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Aeronautical Science (ASCI)

Courses

ASCI 110  Introduction to Space Flight  3 Credits (3,0)

This course provides the student with a background in the major aspects of space flight. Topics covered include the history of space flight; propulsion theory; orbital mechanics fundamentals; space transportation operations; U.S. space policy; and present and future commercial, industrial, and military applications in space.

ASCI 202  Introduction to Aeronautical Science  3 Credits (3,0)

An introductory course in aeronautical sciences that provides students an orientation in aviation topics appropriate to Aeronautical Science degree programs. Subjects include: the aviation profession, the science of flight, safety, security and human factors; aviation resources; the aviation environment; and meteorology.

ASCI 254  Aviation Legislation  3 Credits (3,0)

This course examines the evolution of federal civil aviation regulations in the United States. Students will examine the past and present problems prompting regulation of the industry, the resultant safety, legislation, airport development, funding legislation and international aviation legislation.

ASCI 301  Introduction to Air Traffic Control  3 Credits (3,0)

This course is designed to introduce the student to the operating environment of air traffic control. An overview of major governing authorities including the Federal Aviation Administration, the International Civil Aviation Organization, the Civil Aviation Authority of Singapore, Eurocontrol, and Brazil's Department of Airspace Control along with other controlling agencies will be covered, including the mission, organization and operations, regulations, publications, manuals, maps, charts, and regulations used by pilots and air traffic controllers. ATC procedures, and future air traffic control systems are also discussed. This course provides students with a fundamental knowledge of the air traffic control systems and traffic management principles.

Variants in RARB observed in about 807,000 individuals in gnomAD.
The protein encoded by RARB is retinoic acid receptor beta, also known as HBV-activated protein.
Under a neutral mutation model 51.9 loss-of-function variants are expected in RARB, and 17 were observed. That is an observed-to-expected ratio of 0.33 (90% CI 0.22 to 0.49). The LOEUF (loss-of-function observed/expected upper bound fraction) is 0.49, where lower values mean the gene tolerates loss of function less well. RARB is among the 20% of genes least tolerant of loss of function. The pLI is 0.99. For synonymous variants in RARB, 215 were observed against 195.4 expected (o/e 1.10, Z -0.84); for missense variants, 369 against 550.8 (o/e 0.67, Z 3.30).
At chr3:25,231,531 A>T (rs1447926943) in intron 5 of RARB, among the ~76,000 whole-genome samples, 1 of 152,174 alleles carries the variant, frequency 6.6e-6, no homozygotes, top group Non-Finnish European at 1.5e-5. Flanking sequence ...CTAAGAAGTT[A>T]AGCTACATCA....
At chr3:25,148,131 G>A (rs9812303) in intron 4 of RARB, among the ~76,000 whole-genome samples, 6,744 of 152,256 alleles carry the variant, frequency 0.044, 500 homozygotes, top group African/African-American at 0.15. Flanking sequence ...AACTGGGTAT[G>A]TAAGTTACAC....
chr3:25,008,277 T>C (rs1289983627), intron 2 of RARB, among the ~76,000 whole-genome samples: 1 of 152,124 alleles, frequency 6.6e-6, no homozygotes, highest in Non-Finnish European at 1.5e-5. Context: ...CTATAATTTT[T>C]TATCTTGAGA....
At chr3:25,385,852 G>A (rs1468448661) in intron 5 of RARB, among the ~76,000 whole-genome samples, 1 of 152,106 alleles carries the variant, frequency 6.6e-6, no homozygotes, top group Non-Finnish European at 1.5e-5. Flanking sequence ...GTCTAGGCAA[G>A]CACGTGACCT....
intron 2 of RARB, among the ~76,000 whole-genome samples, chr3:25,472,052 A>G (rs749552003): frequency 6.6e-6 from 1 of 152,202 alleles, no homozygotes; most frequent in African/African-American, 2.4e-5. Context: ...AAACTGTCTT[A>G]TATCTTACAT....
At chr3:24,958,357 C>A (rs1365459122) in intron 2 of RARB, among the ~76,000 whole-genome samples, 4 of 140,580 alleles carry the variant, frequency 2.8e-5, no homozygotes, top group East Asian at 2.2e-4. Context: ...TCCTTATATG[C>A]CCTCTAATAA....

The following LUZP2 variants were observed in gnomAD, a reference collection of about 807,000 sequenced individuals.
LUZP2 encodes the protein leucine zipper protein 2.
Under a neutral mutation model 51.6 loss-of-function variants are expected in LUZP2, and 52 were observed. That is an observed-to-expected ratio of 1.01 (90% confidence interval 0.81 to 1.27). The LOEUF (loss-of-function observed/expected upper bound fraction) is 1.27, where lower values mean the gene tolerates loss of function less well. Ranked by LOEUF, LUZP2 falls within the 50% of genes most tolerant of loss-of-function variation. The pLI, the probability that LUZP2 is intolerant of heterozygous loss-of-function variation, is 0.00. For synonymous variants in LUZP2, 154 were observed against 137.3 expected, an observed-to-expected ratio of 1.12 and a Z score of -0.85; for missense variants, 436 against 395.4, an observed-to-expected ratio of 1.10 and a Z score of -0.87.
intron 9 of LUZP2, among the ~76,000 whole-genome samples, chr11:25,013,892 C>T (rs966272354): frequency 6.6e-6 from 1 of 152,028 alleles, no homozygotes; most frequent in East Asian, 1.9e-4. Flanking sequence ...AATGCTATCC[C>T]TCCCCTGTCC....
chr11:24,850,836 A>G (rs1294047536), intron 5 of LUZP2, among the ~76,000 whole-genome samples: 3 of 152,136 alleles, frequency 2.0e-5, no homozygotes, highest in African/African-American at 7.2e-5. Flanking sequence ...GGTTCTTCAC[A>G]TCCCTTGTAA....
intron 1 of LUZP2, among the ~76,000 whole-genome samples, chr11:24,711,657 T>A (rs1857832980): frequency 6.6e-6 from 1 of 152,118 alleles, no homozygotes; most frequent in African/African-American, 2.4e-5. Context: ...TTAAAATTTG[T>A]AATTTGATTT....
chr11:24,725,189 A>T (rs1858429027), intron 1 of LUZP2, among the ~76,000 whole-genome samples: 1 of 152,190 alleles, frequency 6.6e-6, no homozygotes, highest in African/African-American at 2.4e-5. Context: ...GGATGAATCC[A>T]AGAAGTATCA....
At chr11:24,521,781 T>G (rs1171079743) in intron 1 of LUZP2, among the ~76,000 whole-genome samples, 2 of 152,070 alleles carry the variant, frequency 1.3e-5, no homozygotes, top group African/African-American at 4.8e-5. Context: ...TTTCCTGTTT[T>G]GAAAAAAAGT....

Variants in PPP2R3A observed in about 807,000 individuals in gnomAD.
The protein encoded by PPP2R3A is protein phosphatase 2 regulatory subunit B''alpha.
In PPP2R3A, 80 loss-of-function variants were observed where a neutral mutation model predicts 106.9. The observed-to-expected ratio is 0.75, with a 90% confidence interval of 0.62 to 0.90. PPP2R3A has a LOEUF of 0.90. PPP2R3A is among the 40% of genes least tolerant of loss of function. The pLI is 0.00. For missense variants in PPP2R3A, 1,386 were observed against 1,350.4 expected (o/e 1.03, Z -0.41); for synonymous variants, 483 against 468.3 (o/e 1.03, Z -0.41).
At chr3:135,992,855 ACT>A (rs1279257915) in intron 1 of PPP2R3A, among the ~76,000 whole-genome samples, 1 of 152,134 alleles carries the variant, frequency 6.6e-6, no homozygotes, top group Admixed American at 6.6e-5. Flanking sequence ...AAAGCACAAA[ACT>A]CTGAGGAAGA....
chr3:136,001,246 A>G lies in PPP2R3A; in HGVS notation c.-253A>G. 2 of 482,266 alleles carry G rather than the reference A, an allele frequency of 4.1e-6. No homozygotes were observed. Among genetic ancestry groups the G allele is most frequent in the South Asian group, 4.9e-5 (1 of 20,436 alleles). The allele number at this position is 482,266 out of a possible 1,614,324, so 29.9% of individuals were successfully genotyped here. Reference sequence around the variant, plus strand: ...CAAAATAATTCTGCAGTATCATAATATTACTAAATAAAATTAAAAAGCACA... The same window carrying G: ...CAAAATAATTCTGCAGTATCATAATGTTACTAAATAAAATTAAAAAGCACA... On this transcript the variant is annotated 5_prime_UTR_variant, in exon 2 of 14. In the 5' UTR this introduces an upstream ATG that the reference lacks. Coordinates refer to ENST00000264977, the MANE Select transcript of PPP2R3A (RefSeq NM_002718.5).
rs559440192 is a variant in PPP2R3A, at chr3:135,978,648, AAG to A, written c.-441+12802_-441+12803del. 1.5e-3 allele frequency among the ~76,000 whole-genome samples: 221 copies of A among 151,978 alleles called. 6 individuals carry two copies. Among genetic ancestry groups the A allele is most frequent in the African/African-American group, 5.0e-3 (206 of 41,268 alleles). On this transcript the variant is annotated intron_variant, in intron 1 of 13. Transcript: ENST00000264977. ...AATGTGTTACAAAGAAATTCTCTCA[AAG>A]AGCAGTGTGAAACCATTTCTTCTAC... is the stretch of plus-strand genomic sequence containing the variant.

Prerequisites: RSCH 202.

ASCI 303  Tower and Radar for Air Traffic Control and Management  3 Credits (3,0)

This course covers the basic air traffic control (ATC) procedures for tower terminal operations and terminal radar ATC facilities. Fundamental knowledge of tower operations within the air traffic control system and content knowledge however, not limited to the following areas will be covered: (a) control tower equipment and operating positions; (b) the airport traffic area; (c) navigation aids; (d) airspace; (e) traffic patterns; (f) controller/pilot phraseology; (g) aircraft taxi instructions; (h) Interagency communications and intra-facility coordination; (i) aviation regulations; (j) notification and handling of emergency aircraft. Duties and responsibilities of the terminal radar air traffic controller are integrated into an understanding of how the total ATC system works.
Prerequisites: RSCH 202.

ASCI 309  Aerodynamics  3 Credits (3,0)

Students are provided with an opportunity to explore incompressible flow airfoil theory and wing theory. Topics center on calculation of stall speed, drag and basic performance criteria, configuration changes, high and low speed conditions, special flight conditions, and an introduction to compressible flow.
Prerequisites: MATH 112 or MATH 142 or MATH 143 and PHYS 102 or PHYS 150 and RSCH 202.

ASCI 317  Rotorcraft  3 Credits (3,0)

This course traces the historical development of rotorcraft and introduces the many unique aspects of rotorcraft operations. Rotorcraft operations are examined from the operations, management, and maintenance perspectives. Included are rotorcraft operations and airworthiness regulations, airspace and facilities requirements, and environmental considerations. Uses of rotorcraft to include military and civilian applications are studied. Rotorcraft design, manufacturing, materials, systems, and the variations in rotor configuration are topics of study.